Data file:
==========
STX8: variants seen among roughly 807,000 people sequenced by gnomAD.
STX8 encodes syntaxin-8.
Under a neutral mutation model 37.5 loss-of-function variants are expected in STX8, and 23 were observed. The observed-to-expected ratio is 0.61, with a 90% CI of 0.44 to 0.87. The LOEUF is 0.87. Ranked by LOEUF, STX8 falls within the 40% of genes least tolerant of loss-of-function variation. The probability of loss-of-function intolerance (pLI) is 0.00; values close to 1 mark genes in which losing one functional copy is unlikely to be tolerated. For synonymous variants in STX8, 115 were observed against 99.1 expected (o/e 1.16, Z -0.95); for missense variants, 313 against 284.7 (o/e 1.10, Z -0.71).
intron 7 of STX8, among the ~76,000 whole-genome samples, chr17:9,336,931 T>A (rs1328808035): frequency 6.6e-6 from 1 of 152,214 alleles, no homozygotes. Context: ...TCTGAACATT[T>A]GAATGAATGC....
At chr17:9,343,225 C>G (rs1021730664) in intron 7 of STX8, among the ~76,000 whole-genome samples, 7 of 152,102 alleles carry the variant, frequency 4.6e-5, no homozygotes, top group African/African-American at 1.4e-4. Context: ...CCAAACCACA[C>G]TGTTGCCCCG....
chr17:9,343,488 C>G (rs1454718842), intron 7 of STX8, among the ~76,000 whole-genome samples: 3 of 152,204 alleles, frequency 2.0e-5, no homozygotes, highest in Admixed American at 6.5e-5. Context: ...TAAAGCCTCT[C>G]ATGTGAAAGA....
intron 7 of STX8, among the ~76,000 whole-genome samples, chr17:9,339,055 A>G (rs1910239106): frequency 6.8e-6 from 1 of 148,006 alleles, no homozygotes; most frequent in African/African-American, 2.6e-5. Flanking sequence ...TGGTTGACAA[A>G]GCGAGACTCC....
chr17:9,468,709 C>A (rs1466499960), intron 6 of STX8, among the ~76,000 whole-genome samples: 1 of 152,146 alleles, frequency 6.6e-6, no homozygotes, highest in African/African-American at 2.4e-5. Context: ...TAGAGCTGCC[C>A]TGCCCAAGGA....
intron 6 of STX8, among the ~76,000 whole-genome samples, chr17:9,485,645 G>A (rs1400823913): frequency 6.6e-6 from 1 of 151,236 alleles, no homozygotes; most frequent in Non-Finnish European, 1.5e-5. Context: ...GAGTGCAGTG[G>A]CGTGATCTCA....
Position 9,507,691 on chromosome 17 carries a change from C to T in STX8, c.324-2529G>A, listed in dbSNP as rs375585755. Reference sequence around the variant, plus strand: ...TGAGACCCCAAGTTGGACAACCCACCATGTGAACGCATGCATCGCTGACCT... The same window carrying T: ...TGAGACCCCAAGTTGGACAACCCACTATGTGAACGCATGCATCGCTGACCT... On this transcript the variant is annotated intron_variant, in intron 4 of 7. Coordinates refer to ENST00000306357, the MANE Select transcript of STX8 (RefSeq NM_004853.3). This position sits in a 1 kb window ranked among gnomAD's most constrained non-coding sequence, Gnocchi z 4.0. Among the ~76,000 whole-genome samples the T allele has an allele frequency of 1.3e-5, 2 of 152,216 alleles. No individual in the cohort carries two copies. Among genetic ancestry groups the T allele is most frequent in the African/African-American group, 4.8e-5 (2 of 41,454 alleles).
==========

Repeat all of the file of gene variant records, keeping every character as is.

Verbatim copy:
STX8: variants seen among roughly 807,000 people sequenced by gnomAD.
STX8 encodes syntaxin-8.
Under a neutral mutation model 37.5 loss-of-function variants are expected in STX8, and 23 were observed. The observed-to-expected ratio is 0.61, with a 90% CI of 0.44 to 0.87. The LOEUF is 0.87. Ranked by LOEUF, STX8 falls within the 40% of genes least tolerant of loss-of-function variation. The probability of loss-of-function intolerance (pLI) is 0.00; values close to 1 mark genes in which losing one functional copy is unlikely to be tolerated. For synonymous variants in STX8, 115 were observed against 99.1 expected (o/e 1.16, Z -0.95); for missense variants, 313 against 284.7 (o/e 1.10, Z -0.71).
intron 7 of STX8, among the ~76,000 whole-genome samples, chr17:9,336,931 T>A (rs1328808035): frequency 6.6e-6 from 1 of 152,214 alleles, no homozygotes. Context: ...TCTGAACATT[T>A]GAATGAATGC....
At chr17:9,343,225 C>G (rs1021730664) in intron 7 of STX8, among the ~76,000 whole-genome samples, 7 of 152,102 alleles carry the variant, frequency 4.6e-5, no homozygotes, top group African/African-American at 1.4e-4. Context: ...CCAAACCACA[C>G]TGTTGCCCCG....
chr17:9,343,488 C>G (rs1454718842), intron 7 of STX8, among the ~76,000 whole-genome samples: 3 of 152,204 alleles, frequency 2.0e-5, no homozygotes, highest in Admixed American at 6.5e-5. Context: ...TAAAGCCTCT[C>G]ATGTGAAAGA....
intron 7 of STX8, among the ~76,000 whole-genome samples, chr17:9,339,055 A>G (rs1910239106): frequency 6.8e-6 from 1 of 148,006 alleles, no homozygotes; most frequent in African/African-American, 2.6e-5. Flanking sequence ...TGGTTGACAA[A>G]GCGAGACTCC....
chr17:9,468,709 C>A (rs1466499960), intron 6 of STX8, among the ~76,000 whole-genome samples: 1 of 152,146 alleles, frequency 6.6e-6, no homozygotes, highest in African/African-American at 2.4e-5. Context: ...TAGAGCTGCC[C>A]TGCCCAAGGA....
intron 6 of STX8, among the ~76,000 whole-genome samples, chr17:9,485,645 G>A (rs1400823913): frequency 6.6e-6 from 1 of 151,236 alleles, no homozygotes; most frequent in Non-Finnish European, 1.5e-5. Context: ...GAGTGCAGTG[G>A]CGTGATCTCA....
Position 9,507,691 on chromosome 17 carries a change from C to T in STX8, c.324-2529G>A, listed in dbSNP as rs375585755. Reference sequence around the variant, plus strand: ...TGAGACCCCAAGTTGGACAACCCACCATGTGAACGCATGCATCGCTGACCT... The same window carrying T: ...TGAGACCCCAAGTTGGACAACCCACTATGTGAACGCATGCATCGCTGACCT... On this transcript the variant is annotated intron_variant, in intron 4 of 7. Coordinates refer to ENST00000306357, the MANE Select transcript of STX8 (RefSeq NM_004853.3). This position sits in a 1 kb window ranked among gnomAD's most constrained non-coding sequence, Gnocchi z 4.0. Among the ~76,000 whole-genome samples the T allele has an allele frequency of 1.3e-5, 2 of 152,216 alleles. No individual in the cohort carries two copies. Among genetic ancestry groups the T allele is most frequent in the African/African-American group, 4.8e-5 (2 of 41,454 alleles).